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I'm writing an Ubuntu Touch application in QML. I'd like to integrate with Trello. There are two ways to log into Trello in the API, one of which is OAuth, which I plan on using. What is the best way to do this from QML? I'd prefer not to use a C++ backend, but I am willing to do so if that is the only way.

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So I know your app now integrates with Trello. Care to answer your own question? –  andrewsomething Mar 2 at 16:08
    
@andrewsomething There are two ways, one is to use OAuth and the other involves opening an external URL and having the user copy back a token. I'm using the second option, without using OAuth. If you'd find a detailed explanation useful even though I'm not using OAuth, I can do a full answer. –  iBelieve Mar 2 at 18:59

2 Answers 2

You could create an account plugin for Trello, so that a Trello account could be created from the "Online Account" panel in the System Settings. The you could use the Ubuntu.OnlineAccounts QML module to login, like this:

import QtQuick 2.0
import Ubuntu.OnlineAccounts 0.1

Rectangle {
    width: 400
    height: 300

    AccountServiceModel {
        id: accounts
        service: "trello-board"
    }
    ListView {
        id: listView
        anchors.fill: parent
        model: accounts
        delegate: Item {
            width: parent.width
            height: 60
            AccountService { 
                id: accts
                objectHandle: accountServiceHandle
                onAuthenticated: { console.log("Access token is " + reply.AccessToken) }
                onAuthenticationError: { console.log("Authentication failed, code " + error.code) }
            }    
            Text {
                anchors.fill: parent
                text: providerName + ": " + displayName
                MouseArea {
                    anchors.fill: parent
                    onClicked: accts.authenticate(null)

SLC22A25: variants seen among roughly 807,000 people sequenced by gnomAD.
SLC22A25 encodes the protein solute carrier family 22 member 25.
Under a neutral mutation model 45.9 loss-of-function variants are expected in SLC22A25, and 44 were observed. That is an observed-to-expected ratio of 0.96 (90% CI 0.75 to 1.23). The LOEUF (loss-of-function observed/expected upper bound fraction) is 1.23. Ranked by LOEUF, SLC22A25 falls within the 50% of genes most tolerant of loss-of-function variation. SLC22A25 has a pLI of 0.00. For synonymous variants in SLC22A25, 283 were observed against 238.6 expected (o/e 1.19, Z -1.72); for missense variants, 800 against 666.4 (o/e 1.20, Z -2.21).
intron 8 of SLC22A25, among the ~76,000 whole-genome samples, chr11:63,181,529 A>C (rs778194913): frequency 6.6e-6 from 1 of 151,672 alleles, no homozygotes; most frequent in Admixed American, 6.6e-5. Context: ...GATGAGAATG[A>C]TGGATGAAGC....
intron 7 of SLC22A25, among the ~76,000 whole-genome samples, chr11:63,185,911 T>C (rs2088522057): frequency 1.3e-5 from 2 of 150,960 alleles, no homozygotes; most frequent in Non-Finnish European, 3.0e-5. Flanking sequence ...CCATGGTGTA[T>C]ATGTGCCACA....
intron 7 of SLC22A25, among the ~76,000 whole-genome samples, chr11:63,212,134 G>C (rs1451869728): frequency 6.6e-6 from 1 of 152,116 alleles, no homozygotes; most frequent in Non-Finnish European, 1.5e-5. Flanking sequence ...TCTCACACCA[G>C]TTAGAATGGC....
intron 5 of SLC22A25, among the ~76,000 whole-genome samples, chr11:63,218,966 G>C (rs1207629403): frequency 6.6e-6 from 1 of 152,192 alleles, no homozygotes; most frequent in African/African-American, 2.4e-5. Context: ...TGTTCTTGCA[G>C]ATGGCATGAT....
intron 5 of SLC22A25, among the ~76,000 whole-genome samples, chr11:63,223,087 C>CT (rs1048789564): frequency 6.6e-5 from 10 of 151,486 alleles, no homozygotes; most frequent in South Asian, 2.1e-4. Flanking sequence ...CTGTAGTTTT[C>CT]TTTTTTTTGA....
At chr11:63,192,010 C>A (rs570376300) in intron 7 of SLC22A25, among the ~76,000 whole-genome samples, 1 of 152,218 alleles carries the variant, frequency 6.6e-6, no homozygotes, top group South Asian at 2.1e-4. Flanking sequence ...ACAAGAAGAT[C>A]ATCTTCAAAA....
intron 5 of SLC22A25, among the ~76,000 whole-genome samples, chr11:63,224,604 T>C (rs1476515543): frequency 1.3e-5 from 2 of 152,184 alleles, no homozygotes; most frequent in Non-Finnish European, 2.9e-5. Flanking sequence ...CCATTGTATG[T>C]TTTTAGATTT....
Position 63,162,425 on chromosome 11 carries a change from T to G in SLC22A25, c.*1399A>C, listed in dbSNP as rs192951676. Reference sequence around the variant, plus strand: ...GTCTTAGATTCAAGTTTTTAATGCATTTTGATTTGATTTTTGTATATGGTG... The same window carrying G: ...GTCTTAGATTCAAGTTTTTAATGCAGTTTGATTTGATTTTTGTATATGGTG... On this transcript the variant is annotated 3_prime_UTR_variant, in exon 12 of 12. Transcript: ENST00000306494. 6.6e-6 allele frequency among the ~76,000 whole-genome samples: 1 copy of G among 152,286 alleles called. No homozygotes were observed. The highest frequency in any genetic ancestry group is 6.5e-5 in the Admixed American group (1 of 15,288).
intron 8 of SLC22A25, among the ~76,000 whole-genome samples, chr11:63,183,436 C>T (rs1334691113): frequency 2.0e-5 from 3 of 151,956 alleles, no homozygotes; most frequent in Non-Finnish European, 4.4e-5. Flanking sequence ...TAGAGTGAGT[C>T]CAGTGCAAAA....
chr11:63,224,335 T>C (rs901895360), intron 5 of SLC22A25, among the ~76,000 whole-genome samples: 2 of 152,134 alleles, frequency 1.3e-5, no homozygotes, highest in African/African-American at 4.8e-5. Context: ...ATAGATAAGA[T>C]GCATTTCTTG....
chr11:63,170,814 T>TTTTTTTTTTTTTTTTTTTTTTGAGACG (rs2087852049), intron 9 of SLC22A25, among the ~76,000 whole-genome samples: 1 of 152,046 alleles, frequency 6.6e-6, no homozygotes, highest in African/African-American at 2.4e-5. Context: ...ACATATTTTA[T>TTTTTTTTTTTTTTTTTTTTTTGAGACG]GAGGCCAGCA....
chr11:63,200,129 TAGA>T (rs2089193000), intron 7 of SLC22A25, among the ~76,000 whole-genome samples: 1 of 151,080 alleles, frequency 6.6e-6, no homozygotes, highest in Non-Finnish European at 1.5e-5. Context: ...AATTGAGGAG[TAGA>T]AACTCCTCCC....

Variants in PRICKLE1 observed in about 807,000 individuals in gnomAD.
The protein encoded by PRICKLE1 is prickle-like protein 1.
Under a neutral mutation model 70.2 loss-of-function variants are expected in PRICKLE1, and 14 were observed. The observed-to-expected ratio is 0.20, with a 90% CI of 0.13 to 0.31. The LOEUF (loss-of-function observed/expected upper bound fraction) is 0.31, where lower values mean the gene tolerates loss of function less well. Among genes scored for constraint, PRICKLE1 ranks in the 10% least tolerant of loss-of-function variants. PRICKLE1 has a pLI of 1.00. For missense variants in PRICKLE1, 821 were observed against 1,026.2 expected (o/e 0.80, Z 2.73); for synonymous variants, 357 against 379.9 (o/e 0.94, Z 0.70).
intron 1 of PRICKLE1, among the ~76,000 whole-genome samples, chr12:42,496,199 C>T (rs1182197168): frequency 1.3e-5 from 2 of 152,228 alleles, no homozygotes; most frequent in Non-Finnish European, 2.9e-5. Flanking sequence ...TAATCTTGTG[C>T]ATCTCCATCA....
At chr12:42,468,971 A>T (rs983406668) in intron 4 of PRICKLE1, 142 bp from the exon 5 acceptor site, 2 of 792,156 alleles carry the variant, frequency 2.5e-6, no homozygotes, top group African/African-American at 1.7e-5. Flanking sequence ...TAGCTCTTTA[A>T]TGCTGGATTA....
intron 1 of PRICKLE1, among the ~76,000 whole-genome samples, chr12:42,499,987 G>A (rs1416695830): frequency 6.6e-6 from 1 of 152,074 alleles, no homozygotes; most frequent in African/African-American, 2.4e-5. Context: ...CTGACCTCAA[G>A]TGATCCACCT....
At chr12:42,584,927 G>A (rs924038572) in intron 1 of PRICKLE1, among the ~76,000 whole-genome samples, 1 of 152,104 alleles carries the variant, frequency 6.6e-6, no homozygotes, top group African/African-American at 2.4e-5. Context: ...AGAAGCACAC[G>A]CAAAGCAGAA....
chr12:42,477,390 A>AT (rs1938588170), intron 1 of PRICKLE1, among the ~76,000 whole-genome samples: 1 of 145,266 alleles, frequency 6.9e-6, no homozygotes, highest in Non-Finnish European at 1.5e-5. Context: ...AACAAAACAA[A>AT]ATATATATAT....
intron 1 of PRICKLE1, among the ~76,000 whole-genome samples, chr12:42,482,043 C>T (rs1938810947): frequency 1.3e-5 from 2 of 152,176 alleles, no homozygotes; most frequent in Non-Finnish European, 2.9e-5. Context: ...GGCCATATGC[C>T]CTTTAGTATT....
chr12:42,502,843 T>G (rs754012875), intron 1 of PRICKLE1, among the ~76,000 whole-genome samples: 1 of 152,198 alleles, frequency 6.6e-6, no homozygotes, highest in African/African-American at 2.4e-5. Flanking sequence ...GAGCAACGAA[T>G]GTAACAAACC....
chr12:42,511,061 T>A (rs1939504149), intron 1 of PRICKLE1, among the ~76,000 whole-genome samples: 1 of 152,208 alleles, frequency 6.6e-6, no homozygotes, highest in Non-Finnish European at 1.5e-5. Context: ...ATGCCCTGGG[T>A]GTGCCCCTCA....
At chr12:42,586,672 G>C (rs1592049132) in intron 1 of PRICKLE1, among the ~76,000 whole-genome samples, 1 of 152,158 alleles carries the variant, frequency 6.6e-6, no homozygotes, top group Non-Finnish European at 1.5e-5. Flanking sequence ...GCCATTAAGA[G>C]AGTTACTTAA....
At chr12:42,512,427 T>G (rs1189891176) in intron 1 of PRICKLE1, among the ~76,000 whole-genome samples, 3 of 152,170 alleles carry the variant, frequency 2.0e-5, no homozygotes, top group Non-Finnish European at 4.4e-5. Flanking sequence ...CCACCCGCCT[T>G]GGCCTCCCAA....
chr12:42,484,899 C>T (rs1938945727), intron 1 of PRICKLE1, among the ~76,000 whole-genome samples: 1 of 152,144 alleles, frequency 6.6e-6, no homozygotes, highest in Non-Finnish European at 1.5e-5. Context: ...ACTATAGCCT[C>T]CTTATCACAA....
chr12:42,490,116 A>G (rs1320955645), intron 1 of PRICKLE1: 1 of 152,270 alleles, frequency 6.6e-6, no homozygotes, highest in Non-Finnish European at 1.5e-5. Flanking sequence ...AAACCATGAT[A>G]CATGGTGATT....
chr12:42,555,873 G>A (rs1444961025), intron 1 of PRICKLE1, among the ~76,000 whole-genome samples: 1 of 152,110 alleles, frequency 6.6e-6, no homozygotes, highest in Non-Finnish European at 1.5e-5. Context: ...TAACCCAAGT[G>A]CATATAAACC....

}
            }
        }
    }
}

This code will get you the OAuth token. In order to create the account in the first place, you need to create the following files:

  • /usr/share/accounts/providers/trello.provider
  • /usr/share/accounts/services/trello-board.service
  • /usr/share/accounts/qml-plugins/trello/Main.qml

Given that Trello uses OAuth 1.0 like Flickr and twitter, just create the above files using the twitter or flickr version as a template, and modify them as needed (for the .service file, you could use flickr-sharing.service); in trello.provider you'll need to change the API endpoints as following:

<setting name="RequestEndpoint">https://trello.com/1/OAuthGetRequestToken</setting>
<setting name="TokenEndpoint">https://trello.com/1/OAuthGetAccessToken</setting>
<setting name="AuthorizationEndpoint">https://trello.com/1/OAuthAuthorizeToken</setting>

And of course, change the other fields (callback URL, client ID and secret) to match those you set when you registered your app with Trello. If all goes well, you'll be able to create a Trello account from the "Online Accounts" panel in the System Settings.

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I followed your method, and it showed up in Online Accounts, but when I try to add my Trello account, I'm told that "Your browser is not supported" –  iBelieve Aug 26 '13 at 16:03
    
This also won't work in the click package world as an app won't be able to install anything outside of their namespace (e.g. /usr/share/accounts/). –  andrewsomething Aug 31 '13 at 0:19
    
This is a great start, but it doesn't really explain then how to use it. Especially for an api that requires signed requests –  Chris Wayne Sep 1 '13 at 2:54